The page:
Standard: £9 + VAT
Members/Subscribers, log in to access
An IStructE account gives you access to a world of knowledge. Create a profile to receive details of our unique range of resources, events and training.
Early design of reinforced concrete buildings took little account of the structural possibilities peculiar to the material, and it was treated much like steel or masonry, formed into either frames or loadbearing cross-walls. The Arup/Tecton designs for flats broke away from this approach and treated the external wall as part of the structure, so eliminating many columns and beams and facilitating a greater freedom in planning, while, at the same time, achieving economies in construction. However, it seems that architects more used to planning on regular grids took little advantage of this freedom. Later, postwar designs by Tecton used Amp’s ‘box-frame’ structure where internal walls, still not on a regular grid, were loadbearing and where the corresponding elevated treatment was an expression of the absence of structure in the external walls. D.T. Yeomans and D. Cottam
Design for wind loading The most recent contribution to this extended discussion was in our issue of 20 December, when Mr Haseltine was still disposed to challenge the view that had been expressed by John Mayne of the Building Research Establishment (21 June 1988) that the wind pressures in the 1972 Code had a sounder basis than correspondents were ascribing to them. In this controversial issue we are pleased to have received, from Mr A. P. Robertson of the AFRC Institute of Engineering Research, an account of some results from measurements of wind pressures on full- scale low-rise buildings at its station at Silsoe. Verulam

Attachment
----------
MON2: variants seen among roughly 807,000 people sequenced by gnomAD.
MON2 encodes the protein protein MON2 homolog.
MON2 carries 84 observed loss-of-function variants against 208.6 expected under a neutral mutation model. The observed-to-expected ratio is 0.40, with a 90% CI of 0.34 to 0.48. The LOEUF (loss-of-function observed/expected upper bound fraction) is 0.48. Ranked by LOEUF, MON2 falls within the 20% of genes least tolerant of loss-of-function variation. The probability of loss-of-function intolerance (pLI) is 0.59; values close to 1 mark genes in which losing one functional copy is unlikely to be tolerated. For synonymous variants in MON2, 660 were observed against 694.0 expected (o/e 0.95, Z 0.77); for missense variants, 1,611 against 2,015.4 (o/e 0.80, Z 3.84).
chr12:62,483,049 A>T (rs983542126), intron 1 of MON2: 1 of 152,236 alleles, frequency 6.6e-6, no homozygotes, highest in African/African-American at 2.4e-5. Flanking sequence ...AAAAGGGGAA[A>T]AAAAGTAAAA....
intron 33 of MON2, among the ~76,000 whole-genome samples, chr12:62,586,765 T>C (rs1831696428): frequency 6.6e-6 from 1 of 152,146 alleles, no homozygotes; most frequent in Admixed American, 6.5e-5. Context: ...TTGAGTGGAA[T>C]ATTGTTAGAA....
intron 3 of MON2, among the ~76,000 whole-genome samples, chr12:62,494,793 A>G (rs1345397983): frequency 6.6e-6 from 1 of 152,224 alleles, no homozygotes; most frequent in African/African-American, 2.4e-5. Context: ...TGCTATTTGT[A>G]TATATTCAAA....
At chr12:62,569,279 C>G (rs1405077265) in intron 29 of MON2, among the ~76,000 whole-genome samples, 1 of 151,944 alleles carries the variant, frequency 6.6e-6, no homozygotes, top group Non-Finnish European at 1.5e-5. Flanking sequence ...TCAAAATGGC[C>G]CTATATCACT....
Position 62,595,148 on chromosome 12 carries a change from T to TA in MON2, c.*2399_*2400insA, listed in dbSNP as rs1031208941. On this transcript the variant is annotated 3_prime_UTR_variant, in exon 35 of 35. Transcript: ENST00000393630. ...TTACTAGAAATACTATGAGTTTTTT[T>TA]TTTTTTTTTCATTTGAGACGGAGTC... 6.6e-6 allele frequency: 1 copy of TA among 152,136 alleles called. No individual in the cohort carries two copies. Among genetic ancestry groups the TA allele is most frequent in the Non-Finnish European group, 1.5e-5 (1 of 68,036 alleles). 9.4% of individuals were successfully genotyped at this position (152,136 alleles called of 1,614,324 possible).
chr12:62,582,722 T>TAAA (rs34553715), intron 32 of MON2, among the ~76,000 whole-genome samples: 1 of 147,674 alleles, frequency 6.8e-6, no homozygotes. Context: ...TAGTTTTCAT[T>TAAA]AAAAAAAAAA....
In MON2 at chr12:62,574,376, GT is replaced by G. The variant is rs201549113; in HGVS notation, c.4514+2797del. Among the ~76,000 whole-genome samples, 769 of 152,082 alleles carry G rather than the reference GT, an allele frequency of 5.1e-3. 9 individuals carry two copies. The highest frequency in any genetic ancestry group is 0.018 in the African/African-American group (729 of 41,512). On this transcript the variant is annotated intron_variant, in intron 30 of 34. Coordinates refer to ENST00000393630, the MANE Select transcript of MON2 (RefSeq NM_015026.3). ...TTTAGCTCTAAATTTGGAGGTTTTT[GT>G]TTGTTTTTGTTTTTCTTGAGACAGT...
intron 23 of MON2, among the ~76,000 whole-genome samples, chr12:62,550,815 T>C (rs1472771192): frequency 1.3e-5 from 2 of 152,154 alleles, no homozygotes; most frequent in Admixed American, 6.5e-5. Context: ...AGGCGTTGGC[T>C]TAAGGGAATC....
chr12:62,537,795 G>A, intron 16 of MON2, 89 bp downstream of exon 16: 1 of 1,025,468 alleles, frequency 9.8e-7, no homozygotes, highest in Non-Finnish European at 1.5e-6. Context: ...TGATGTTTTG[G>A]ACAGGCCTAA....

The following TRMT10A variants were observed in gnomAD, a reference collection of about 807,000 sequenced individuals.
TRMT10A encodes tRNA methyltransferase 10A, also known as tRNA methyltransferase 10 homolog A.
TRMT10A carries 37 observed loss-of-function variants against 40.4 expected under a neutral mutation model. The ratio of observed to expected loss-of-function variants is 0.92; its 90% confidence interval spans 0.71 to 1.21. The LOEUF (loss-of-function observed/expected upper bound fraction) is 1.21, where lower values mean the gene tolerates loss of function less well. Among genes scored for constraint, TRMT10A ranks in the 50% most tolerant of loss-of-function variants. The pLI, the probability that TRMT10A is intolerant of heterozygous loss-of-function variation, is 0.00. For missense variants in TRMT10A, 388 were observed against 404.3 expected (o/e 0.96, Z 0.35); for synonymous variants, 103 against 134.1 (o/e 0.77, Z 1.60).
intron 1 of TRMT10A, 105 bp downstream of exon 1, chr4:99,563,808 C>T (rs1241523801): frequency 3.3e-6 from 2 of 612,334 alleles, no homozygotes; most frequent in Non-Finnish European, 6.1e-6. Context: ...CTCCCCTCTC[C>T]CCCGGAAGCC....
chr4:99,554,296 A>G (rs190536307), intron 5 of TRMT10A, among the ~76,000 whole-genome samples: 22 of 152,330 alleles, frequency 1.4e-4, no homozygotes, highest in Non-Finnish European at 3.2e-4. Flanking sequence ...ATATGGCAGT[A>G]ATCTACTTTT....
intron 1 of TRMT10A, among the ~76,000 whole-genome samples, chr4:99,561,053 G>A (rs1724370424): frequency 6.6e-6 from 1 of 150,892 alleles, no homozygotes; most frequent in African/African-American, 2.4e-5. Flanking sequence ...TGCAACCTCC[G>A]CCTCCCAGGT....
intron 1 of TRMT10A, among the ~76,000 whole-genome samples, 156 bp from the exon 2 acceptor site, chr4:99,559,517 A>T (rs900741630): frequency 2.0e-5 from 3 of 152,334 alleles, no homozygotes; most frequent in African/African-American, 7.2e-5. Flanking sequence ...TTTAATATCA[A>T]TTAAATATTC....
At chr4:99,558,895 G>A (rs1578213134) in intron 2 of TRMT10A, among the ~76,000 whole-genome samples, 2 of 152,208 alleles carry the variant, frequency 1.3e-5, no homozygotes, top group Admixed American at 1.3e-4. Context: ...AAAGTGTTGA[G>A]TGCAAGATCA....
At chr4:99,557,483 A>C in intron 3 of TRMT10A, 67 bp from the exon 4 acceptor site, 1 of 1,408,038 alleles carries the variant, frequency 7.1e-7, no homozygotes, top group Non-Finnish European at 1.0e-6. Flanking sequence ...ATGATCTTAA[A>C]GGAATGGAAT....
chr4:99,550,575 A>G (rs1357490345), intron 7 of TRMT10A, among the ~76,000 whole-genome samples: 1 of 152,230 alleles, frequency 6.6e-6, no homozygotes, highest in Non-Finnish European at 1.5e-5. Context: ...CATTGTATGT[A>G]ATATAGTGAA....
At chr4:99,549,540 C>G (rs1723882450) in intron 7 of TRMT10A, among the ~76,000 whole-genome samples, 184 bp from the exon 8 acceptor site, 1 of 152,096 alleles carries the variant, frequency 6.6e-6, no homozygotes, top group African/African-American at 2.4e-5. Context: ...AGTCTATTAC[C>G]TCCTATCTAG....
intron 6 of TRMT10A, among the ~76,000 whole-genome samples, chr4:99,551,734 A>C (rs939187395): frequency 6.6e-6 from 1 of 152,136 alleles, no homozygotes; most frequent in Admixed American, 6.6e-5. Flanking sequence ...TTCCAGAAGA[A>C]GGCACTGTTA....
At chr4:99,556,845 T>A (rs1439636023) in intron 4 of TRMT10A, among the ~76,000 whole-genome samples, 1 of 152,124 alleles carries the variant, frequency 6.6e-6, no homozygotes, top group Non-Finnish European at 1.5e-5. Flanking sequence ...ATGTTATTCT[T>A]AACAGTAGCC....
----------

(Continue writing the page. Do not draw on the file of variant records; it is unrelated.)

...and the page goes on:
In my earliest training in engineering I learnt the physical laws of balance and later studied the phenomena of structural and aerodynamic instabilities in their various forms. As a result, I became confident that engineers were reasonably well equipped to make rational design decisions such as to avoid failures due to predictable loss of equilibrium. In contrast, I have found it to be paradoxical that there are frequently no comparable rational bases from which to determine the correct balance in many non-physical matters of concern to the profession. As a Libran, and in looking back over my working life, it occurred to me that this might be a golden opportunity to ruminate on some of the imponderables which I have encountered. A.R. Flint